UTS Law students take on Hult Prize regional final
Introducing ‘ConnectedU’ - a group of UTS Law students’ solution to world inequality in education. They pitched their idea amidst tough competition at the Melbourne regional final for the prestigious Hult Prize. Ravi Dutta, Daniella Foley and Eugenia Munoz share the story of their bid to change the way a whole continent learns.
As a team, we recognise the need to help those who are less fortunate than ourselves. All three of us value the notion that if we have the potential to instigate change, and have the resources to do so, then we should use the resources available to us for social good. Such passion led us to compete in the Hult Prize at UTS– the largest student competition for social good in the world.
The Hult Prize challenges teams of university students to devise innovative solutions to global problems, with the opportunity to win up to US$1m in seed capital. Entering the on-campus competition last year was an exciting, yet also incredibly daunting experience. Initially, trying to fathom how we could pitch a social enterprise that harnessed the power of energy to transform the lives of 10 million people by 2025, was a task that seemed far too onerous and complicated.
However, our initial concerns and fears turned into inspiration that led us to select our problem space. Motivated by the idea that education is key to any change, we designed ConnectedU – a venture that leverages the connectivity of energy to improve access to education in South America by democratising effective teaching strategies and collaborative tools.
Our team discovered that students in South America were falling behind in literacy and numeracy, despite over 95% of households having access to electricity. A key underlying reason for underperformance was the poor training of teachers. We, therefore, asked ourselves the question: how might we empower teachers to harness the power of energy through technology to improve the overall quality of education provided to students?
The answer, we believe, lies in ConnectedU, a social enterprise that aims to improve the quality of education in under-resourced schools by removing demographic considerations. We focused on three sustainable development goals: quality education, decent work and economic growth and reduced inequalities – through leveraging an online platform that enables teachers to learn effective teaching strategies and access educational resources for free. A prototype of our platform can be accessed here.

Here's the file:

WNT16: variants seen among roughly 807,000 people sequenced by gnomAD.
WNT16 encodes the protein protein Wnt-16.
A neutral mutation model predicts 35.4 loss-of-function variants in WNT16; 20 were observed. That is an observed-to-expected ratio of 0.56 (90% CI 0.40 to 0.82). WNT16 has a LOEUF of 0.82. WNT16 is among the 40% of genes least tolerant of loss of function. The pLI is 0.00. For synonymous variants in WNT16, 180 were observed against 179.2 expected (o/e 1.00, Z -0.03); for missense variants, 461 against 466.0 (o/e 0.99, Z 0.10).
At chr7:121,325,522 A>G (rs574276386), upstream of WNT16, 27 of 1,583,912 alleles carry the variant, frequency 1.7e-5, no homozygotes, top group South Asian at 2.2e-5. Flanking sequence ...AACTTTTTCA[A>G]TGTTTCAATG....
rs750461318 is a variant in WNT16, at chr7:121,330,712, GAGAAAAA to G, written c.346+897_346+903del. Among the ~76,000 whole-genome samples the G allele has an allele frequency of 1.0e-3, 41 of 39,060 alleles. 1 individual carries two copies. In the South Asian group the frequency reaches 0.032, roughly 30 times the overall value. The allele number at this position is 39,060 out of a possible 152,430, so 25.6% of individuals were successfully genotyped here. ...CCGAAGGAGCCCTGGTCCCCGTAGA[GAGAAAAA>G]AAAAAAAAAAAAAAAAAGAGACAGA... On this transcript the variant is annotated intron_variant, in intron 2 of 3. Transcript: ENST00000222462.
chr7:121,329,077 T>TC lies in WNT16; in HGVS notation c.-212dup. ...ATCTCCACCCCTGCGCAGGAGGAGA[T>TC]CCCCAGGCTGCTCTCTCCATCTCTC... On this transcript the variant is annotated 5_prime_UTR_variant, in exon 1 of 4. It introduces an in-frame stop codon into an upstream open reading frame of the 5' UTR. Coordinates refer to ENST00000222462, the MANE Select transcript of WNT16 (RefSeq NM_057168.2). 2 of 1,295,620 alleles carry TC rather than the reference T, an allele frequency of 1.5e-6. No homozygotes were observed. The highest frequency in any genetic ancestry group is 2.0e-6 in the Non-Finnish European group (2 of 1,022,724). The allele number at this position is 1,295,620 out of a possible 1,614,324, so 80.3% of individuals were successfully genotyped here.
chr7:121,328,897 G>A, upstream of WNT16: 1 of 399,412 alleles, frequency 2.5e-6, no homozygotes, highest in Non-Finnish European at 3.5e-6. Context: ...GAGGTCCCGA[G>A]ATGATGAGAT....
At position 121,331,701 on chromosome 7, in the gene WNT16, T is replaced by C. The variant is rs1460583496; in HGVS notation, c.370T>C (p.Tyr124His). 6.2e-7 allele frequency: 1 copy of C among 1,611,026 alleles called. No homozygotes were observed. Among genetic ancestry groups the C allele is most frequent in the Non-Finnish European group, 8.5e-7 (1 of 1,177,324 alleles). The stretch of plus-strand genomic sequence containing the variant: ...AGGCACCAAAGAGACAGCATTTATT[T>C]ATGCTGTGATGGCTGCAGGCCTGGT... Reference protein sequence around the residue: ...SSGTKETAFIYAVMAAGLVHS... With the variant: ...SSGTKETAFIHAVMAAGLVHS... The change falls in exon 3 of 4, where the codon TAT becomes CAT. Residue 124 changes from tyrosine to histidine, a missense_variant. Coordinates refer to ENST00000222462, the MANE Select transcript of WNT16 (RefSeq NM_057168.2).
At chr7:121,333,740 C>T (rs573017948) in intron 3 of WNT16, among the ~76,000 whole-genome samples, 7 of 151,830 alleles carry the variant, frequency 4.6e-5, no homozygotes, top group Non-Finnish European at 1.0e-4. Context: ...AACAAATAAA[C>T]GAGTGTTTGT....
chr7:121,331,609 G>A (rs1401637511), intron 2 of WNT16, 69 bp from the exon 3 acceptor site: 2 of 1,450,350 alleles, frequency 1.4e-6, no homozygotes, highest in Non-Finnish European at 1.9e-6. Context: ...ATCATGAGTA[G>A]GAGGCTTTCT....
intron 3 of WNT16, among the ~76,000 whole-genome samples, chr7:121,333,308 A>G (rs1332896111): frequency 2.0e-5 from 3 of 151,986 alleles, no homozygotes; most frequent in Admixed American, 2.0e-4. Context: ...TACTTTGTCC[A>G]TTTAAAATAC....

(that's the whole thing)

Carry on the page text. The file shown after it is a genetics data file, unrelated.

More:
Pitching to win
Participating in the on-campus event was a steep learning curve for us. As a team we learnt that social good and profit need not be separate. We were fortunate enough to be mentored by Shaun Chung of MinterEllison, a lawyer with a keen interest in innovation and entrepreneurship. Chung’s mentorship helped us tailor our idea into a feasible and scalable business proposition, preparing us to pitch in front of a panel of esteemed judges from the social enterprise and start-up space. These judges included Harrison Uffindell (Head of Business Operations in Australia and New Zealand at Airbnb), Parrys Raines (CEO at Future Business Generation), Margaret Maile Petty (Executive Director of Innovation and Entrepreneurship at UTS), Ahmed Haider (CEO and Founder at Zookal), James Tilbury (Operations Director at EnergyLab) and Ashley Blake (Innovation Manager at Commonwealth Bank). Being able to access the insights and expertise of these judges through the positive and constructive feedback we received was an invaluable opportunity. But our journey to impact was not over, as we were placed third at the on-campus event!
In doing so, we were highly encouraged by our campus director, Lik, to apply for a wildcard position and, much to our surprise, we were then competitively selected to compete against over 40 universities from across the world at a regional final in Melbourne. So we continued honing our pitch through workshops with the Sydney School of Entrepreneurship and Future Business Generation, whilst keeping contact with Chung. We would like to thank each of them for their support. We would also like to extend a thank you to UTS’s Innovation and Entrepreneurship Unit for sponsoring our journey to impact in Melbourne.
While we were unsuccessful in progressing to the next stage of the competition, we are incredibly thankful as we have been able to meet teams from around the world, including the University of North Carolina and the University of Pennsylvania, and have become inspired by their passion to change it. We have also been able to meet social entrepreneurs and hear them share their journey to impact on how they built their startup from just an idea. It gave us great insight into super lean prototyping, building a business whilst being at university and being smart with money. We cannot emphasise enough what an incredible experience this competition was, from start to finish, and in the words of Nike, we highly recommend everyone to just do it!
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